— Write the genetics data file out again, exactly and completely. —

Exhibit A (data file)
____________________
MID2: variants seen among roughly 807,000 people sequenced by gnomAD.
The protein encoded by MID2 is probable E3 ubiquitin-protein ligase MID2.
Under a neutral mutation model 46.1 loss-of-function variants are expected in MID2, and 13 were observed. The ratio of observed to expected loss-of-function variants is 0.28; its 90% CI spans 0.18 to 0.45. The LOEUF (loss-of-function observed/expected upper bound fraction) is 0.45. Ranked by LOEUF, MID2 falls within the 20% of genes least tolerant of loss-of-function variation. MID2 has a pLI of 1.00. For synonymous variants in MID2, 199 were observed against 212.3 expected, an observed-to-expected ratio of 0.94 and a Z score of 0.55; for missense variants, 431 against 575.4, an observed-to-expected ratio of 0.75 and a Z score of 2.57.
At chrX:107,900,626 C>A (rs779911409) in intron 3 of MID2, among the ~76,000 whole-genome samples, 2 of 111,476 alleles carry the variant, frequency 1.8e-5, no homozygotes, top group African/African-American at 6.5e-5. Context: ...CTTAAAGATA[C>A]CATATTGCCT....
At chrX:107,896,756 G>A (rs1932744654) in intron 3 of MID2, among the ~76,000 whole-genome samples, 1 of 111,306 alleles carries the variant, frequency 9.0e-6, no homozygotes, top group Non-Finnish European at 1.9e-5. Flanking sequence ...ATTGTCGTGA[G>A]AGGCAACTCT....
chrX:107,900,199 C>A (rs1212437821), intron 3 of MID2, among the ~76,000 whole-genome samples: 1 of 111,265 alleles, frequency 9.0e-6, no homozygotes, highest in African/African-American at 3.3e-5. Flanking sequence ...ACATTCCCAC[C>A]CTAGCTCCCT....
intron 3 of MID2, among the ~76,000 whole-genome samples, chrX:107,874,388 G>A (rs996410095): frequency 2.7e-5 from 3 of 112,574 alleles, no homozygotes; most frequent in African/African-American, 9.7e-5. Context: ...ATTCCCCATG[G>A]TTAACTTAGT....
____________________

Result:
MID2: variants seen among roughly 807,000 people sequenced by gnomAD.
The protein encoded by MID2 is probable E3 ubiquitin-protein ligase MID2.
Under a neutral mutation model 46.1 loss-of-function variants are expected in MID2, and 13 were observed. The ratio of observed to expected loss-of-function variants is 0.28; its 90% CI spans 0.18 to 0.45. The LOEUF (loss-of-function observed/expected upper bound fraction) is 0.45. Ranked by LOEUF, MID2 falls within the 20% of genes least tolerant of loss-of-function variation. MID2 has a pLI of 1.00. For synonymous variants in MID2, 199 were observed against 212.3 expected, an observed-to-expected ratio of 0.94 and a Z score of 0.55; for missense variants, 431 against 575.4, an observed-to-expected ratio of 0.75 and a Z score of 2.57.
At chrX:107,900,626 C>A (rs779911409) in intron 3 of MID2, among the ~76,000 whole-genome samples, 2 of 111,476 alleles carry the variant, frequency 1.8e-5, no homozygotes, top group African/African-American at 6.5e-5. Context: ...CTTAAAGATA[C>A]CATATTGCCT....
At chrX:107,896,756 G>A (rs1932744654) in intron 3 of MID2, among the ~76,000 whole-genome samples, 1 of 111,306 alleles carries the variant, frequency 9.0e-6, no homozygotes, top group Non-Finnish European at 1.9e-5. Flanking sequence ...ATTGTCGTGA[G>A]AGGCAACTCT....
chrX:107,900,199 C>A (rs1212437821), intron 3 of MID2, among the ~76,000 whole-genome samples: 1 of 111,265 alleles, frequency 9.0e-6, no homozygotes, highest in African/African-American at 3.3e-5. Flanking sequence ...ACATTCCCAC[C>A]CTAGCTCCCT....
intron 3 of MID2, among the ~76,000 whole-genome samples, chrX:107,874,388 G>A (rs996410095): frequency 2.7e-5 from 3 of 112,574 alleles, no homozygotes; most frequent in African/African-American, 9.7e-5. Context: ...ATTCCCCATG[G>A]TTAACTTAGT....